Environment

As part of Texas Public Radio's on-going focus on the environment, we are proud to bring the public and our members special events, stories and initiatives to help improve and draw attention to the city's health and environment.

Scientists who study forests say they've discovered something disturbing about the way prolonged drought affects trees.

It has to do with the way trees drink. They don't do it the way we do — they suck water up from the ground all the way to their leaves, through a bundle of channels in a part of the trunk called the xylem. The bundles are like blood vessels.

When drought dries out the soil, a tree has to suck harder. And that can actually be dangerous, because sucking harder increases the risk of drawing air bubbles into the tree's plumbing.

There's mixed reaction this afternoon to the news that BP has agreed to a deal with federal authorities to pay $4.5 billion in criminal and civil penalties related to the 2010 Gulf Oil spill.

SAWS

San Antonio Water System customers could be facing a rate increase of nearly 10 percent in 2013. An aging infrastructure is one reason, but another is pressure from the Environmental Protection Agency.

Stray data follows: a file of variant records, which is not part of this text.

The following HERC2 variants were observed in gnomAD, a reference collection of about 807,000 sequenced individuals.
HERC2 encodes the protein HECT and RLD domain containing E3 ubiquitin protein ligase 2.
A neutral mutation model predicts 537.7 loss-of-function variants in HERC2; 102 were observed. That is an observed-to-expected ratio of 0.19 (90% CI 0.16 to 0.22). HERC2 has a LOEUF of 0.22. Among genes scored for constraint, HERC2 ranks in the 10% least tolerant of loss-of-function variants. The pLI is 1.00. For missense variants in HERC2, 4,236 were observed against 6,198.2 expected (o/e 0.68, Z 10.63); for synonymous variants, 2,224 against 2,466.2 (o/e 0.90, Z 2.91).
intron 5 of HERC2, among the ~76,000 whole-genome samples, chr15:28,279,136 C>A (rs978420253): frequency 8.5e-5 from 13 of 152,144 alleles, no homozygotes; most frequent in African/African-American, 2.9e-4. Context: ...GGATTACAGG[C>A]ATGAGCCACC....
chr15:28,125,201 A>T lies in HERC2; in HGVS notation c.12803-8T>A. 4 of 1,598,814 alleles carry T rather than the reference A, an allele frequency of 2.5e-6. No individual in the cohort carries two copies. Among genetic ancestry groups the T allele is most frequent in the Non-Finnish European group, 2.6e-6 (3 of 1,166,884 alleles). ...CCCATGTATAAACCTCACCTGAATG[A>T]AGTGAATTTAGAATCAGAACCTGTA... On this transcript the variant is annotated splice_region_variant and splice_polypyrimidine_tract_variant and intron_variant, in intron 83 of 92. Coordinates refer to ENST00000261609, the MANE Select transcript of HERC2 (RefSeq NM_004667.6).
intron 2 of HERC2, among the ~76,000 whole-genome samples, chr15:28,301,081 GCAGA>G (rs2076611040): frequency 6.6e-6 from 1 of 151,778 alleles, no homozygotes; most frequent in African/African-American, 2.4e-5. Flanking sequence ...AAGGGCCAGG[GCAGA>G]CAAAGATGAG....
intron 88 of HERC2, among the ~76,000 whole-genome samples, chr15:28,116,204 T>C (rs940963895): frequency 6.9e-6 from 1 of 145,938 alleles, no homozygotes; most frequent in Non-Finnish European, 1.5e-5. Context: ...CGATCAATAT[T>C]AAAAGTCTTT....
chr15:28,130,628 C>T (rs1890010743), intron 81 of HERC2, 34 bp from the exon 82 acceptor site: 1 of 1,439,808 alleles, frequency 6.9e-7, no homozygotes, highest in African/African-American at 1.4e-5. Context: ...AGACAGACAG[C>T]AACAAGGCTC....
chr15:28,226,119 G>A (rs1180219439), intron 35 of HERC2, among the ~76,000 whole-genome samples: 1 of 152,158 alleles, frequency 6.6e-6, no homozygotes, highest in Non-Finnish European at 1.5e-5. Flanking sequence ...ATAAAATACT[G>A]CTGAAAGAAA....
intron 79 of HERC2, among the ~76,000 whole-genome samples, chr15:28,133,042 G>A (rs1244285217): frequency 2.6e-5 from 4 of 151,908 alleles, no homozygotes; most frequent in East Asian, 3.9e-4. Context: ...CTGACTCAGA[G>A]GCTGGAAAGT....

SAWS spokesperson Anne Hayden said each year the EPA targets cities to reduce sewage overflows. San Antonio treats more than 250 million gallons of sewage each day. Hayden said 99.9 percent of that sewage never escapes the system, but the EPA wants even better numbers for compliance with the Clean Water Act.

Update at 11:30 a.m. ET: Oil giant BP has agreed to plead guilty to criminal misconduct related to the 2010 Gulf Oil spill and will pay a record $4 billion in criminal penalties, the company just confirmed. And it will pay $525 million in civil penalties in a resolution with the Securities and Exchanges Commission. BP will make the payments over six years.

Eileen Pace / Texas Public Radio

A Golden-cheeked Warbler and caves over the Edwards Aquifer recharge zone are the subjects of a lawsuit pending against the City of San Antonio, SAWS, and a local developer. 

Members of The Cibolo Creek Conservation Society say they’ve been trying to get the attention of the City of San Antonio, SAWS, or the developer of the new Century Oaks subdivision off Evans Road, but so far haven’t had any luck. They’re concerned about the density of the housing area nestled along Cibolo Creek, the removal of trees, and the endangered species that call the area home.

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